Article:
The announcement made at COP 28 for an increased use of timber in construction as a vital decarbonisation tool is applauded by New Zealand’s Wood Processing and Manufacturers Association (WPMA). Source: Timberbiz
With key allies such as the United States, Japan, Australia, and Great Britain committed to the pledge, New Zealand must now get on board and be part of the global coalition.
“The construction sector and the built environment accounts for more than a third of global emissions and it is critical that countries move quickly to lower carbon emissions and increase stored carbon by using far more timber in buildings,” said Chief Executive of Wood Processors and Manufacturers Association of New Zealand (WPMA) Mark Ross.
“Initiatives such as the ‘Building for Climate Change’ regulatory programme and ‘lowest carbon building procurement policy’ are good starts.
“But more needs to be done by the government such as recognition of the value gained in long-term carbon storage from the domestic manufacture of harvested wood products.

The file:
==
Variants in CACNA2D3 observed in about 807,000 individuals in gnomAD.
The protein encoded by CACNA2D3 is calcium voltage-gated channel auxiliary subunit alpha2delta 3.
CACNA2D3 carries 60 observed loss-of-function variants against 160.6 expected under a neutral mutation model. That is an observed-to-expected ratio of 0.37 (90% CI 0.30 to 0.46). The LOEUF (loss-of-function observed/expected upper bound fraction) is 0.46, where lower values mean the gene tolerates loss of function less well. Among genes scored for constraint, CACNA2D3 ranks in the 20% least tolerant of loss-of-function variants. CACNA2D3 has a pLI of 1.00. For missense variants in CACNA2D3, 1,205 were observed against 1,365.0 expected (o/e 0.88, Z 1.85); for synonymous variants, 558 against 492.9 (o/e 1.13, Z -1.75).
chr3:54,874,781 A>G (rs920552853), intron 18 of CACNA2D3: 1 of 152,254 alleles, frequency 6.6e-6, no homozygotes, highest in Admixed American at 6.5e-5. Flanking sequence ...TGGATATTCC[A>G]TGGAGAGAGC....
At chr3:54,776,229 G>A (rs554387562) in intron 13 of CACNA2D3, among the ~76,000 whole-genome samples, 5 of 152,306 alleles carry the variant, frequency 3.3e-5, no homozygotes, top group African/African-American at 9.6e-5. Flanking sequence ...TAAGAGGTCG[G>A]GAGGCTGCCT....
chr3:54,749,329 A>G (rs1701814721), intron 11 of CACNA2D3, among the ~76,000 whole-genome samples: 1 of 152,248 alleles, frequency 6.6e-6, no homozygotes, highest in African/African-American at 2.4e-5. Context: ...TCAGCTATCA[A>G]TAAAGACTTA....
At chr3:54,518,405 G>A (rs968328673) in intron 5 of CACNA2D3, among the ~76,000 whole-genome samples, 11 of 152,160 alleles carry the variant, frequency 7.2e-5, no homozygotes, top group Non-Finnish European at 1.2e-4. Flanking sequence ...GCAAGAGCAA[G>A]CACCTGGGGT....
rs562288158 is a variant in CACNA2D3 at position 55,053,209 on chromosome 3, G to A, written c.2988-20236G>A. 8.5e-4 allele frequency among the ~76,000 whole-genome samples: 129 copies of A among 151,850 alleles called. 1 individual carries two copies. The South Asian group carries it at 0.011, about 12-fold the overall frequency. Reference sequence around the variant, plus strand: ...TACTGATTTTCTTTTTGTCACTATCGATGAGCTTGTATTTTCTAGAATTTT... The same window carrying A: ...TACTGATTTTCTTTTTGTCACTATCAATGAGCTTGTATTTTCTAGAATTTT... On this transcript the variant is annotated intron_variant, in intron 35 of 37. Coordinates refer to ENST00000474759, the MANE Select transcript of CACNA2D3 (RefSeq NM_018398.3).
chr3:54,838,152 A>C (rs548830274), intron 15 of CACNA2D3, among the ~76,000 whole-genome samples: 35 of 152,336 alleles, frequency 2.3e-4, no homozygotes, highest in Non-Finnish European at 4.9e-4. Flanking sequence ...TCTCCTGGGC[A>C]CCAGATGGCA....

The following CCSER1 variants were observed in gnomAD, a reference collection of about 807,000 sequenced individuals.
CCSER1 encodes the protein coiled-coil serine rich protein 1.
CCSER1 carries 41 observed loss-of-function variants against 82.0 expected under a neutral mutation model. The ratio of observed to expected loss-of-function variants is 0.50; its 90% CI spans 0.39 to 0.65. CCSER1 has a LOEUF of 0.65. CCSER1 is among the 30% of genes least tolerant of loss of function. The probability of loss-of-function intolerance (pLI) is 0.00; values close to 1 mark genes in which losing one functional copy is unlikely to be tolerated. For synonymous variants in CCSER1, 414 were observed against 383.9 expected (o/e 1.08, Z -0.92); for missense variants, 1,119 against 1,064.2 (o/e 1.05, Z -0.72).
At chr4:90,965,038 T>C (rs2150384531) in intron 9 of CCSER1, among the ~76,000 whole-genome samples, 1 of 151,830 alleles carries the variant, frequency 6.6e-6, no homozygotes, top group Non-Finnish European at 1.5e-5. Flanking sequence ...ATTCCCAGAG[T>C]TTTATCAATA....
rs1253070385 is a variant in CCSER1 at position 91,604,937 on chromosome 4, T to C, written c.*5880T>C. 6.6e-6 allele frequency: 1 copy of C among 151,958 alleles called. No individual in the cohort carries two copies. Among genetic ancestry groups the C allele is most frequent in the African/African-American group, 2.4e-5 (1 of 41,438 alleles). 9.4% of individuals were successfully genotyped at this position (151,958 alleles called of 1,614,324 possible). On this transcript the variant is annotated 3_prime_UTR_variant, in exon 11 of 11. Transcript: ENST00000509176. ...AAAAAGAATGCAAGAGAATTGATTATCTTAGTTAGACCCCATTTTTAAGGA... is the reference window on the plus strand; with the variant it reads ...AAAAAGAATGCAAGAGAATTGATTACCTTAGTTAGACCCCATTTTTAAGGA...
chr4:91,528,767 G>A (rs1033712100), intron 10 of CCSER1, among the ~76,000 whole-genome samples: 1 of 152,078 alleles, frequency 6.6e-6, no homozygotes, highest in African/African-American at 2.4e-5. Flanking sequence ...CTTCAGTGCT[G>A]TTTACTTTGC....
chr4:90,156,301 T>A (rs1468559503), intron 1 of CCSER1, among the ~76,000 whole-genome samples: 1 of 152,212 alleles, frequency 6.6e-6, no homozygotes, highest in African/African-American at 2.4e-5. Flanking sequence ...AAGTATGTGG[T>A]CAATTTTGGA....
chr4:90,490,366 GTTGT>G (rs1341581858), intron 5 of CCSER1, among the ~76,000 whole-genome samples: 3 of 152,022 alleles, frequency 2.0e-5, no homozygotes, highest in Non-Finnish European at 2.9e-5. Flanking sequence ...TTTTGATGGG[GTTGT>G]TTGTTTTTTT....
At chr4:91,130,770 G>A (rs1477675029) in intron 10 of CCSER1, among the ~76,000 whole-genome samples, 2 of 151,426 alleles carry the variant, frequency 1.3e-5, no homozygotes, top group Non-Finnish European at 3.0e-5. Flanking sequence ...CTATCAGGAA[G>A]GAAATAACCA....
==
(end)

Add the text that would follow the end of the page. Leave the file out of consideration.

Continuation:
“As a country we have a lot to gain through supporting increased timber usage. It is essential that our new government now steps up and joins the global parties in committing to advancing policies and approaches that support low carbon construction.”
The announcement reads:
Recognizing that wood from sustainably managed forests provides climate solutions within the construction sector, we commit to, by 2030, advancing policies and approaches that support low carbon construction and increase the use of wood from sustainably managed forests in the built environment. Such policies and approaches will result in reduced GHG emissions, and an increase in stored carbon.